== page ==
- What will comfort care offer in these conditions?
- Would I want life support to extend my life under these conditions?
- Who should I talk to about my wishes?
- What are the benefits and problems of aggressive medical procedures for people with these conditions?
Medical technologies that may be used on dying people include:
Each of these methods is described so that you can better understand what they mean. Any of these can be useful in some cases and not in others-it depends on the person’s wishes, the benefits or problems with the procedure, and the person’s medical prognosis.
We urge you to carefully think about whether or not these medical treatments may be right for you or your loved one.
What About The Costs?
Sometimes, people feel embarrassed or guilty talking about costs when they are facing end-of-life decisions. Nevertheless, the financial burdens on a family can be considerable, and “many families of seriously ill patients experience severe caregiving and financial burdens.” (Source: Covinsky K, JAMA 1994; 272:1839.)
“Discussions with families and patients should include disclosure of the costs involved of the therapy to be offered. . .The omission of financial information denies the patient the right to have the information necessary for informed decision-making.” (Source: Lowance D, Am J Kidney Dis 1993; 21:679.)
Sometimes, there are great emotional benefits associated with family caregiving. But the burdens on families also may be great, and often cannot be measured in dollars alone. Even with health insurance, Medicare or Medicaid coverage, indirect costs of caregiving such as staying at home with the patient during extended absences from work or school, or providing transportation to and from medical appointments can have a serious impact.
Important Words to Know
Advance Directive: A set of instructions, usually written, that allows you to specify the kind of treatment you would want if you are ill and unable to speak for yourself. Both the “living will” and a “durable healthcare power of attorney” are advance directives and we suggest people have both. You can also tell your doctor what your wishes are. You may change your advance directives at any time. Only you can change your advance directive.
Aggressive Medical Treatment: A range of treatments which use complex, invasive methods to prolong a person’s life, such as CPR, ventilation, or dialysis. Commonly asked in end of life situations: “Shall we continue aggressive treatments or shall we change to comfort care?”
Airway intubation: Putting a tube through the airway to get oxygen into the person’s lungs.
Cardiac arrest: No effective heartbeat.
Cardiopulmonary Resuscitation (CPR): Efforts to start breathing or heartbeat to a person in cardiac or respiratory arrest.
Catheter: A semi-permanent tube that is put directly into a vein or artery through the skin.
Comfort care/Palliative care: Compassionate care that gives medical, emotional, and spiritual support. The goal of comfort care is to meet the needs of the dying person by seeing that the person is kept clean, pain is controlled and that illnesses are treated, such as headache, rashes, and constipation.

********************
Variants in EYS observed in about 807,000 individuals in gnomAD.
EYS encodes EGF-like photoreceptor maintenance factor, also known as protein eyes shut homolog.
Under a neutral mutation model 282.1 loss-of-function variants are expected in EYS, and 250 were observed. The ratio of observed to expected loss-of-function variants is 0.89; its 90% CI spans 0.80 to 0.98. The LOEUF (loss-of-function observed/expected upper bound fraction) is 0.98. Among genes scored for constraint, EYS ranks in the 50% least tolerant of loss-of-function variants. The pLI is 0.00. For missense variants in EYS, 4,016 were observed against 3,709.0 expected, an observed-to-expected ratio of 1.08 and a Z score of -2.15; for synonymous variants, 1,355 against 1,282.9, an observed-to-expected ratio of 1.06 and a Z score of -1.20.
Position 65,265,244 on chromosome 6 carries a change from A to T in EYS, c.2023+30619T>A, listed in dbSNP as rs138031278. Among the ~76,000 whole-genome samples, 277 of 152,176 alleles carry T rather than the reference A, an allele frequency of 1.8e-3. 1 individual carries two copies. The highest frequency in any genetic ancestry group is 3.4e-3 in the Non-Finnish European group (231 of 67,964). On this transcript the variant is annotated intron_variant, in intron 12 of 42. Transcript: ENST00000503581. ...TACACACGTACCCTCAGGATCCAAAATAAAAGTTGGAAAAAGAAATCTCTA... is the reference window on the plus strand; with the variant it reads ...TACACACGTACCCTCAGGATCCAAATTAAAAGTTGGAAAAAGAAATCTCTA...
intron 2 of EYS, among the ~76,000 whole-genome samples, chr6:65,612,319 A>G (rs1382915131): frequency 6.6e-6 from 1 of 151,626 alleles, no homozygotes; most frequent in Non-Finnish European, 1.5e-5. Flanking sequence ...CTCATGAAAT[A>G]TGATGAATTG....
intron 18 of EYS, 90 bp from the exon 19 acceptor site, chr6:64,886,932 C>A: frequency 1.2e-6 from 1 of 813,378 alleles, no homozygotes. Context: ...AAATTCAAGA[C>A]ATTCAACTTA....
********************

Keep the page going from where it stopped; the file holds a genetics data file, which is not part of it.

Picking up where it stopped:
Diagnosis: Identification of a disease from its signs and symptoms.
Dialysis: Removal of waste, salts, and extra liquid from blood by artificial means when the kidneys fail.
DNAR: “Do Not Attempt Resuscitation”
Durable Healthcare Power of Attorney: Allows you to name an agent to speak for you in medical matters if you cannot speak for yourself either because of illness or an accident. Your agent should know your wishes and agree to follow them. This is one type of an advance directive.
End of life: When death as the natural result of illness or advanced age is expected within a limited period of time (usually six months to a year).
Hospice: Care given to terminally-ill persons and their families by a team of nurses, social workers, and other support staff, working together with a doctor. The hospice team helps with the physical, emotional, and spiritual distress that is often part of the dying process. 90% of hospice care is given at home but is it also available in hospice care facilities and in some assisted living and nursing facilities, and in hospitals.
Intravenous: Going directly into the vein.
Mechanical ventilation: Use of an artificial breathing machine (respirator).
Prognosis: Prediction; the likely outcome or result of a disease or medical condition.
Respiratory arrest: Unable to breathe on one’s own.
Symptom Management: Treating physical problems such as headaches, rashes, constipation, dizziness, weakness, and nausea. In comfort care, this can be done without treating the underlying cause of the sickness. For example symptoms can be managed in a person with cancer without treating the cancer itself.
Terminal condition: An incurable or irreversible disease or condition for which life-sustaining procedures will postpone, but cannot prevent, death.
Tube-feeding: Liquid (Hydration) or food (fluid nutrients or nutrition) administered through a tube that is put into the person’s body. Tube-feeding can be used for either a short or long period of time.
What is CPR?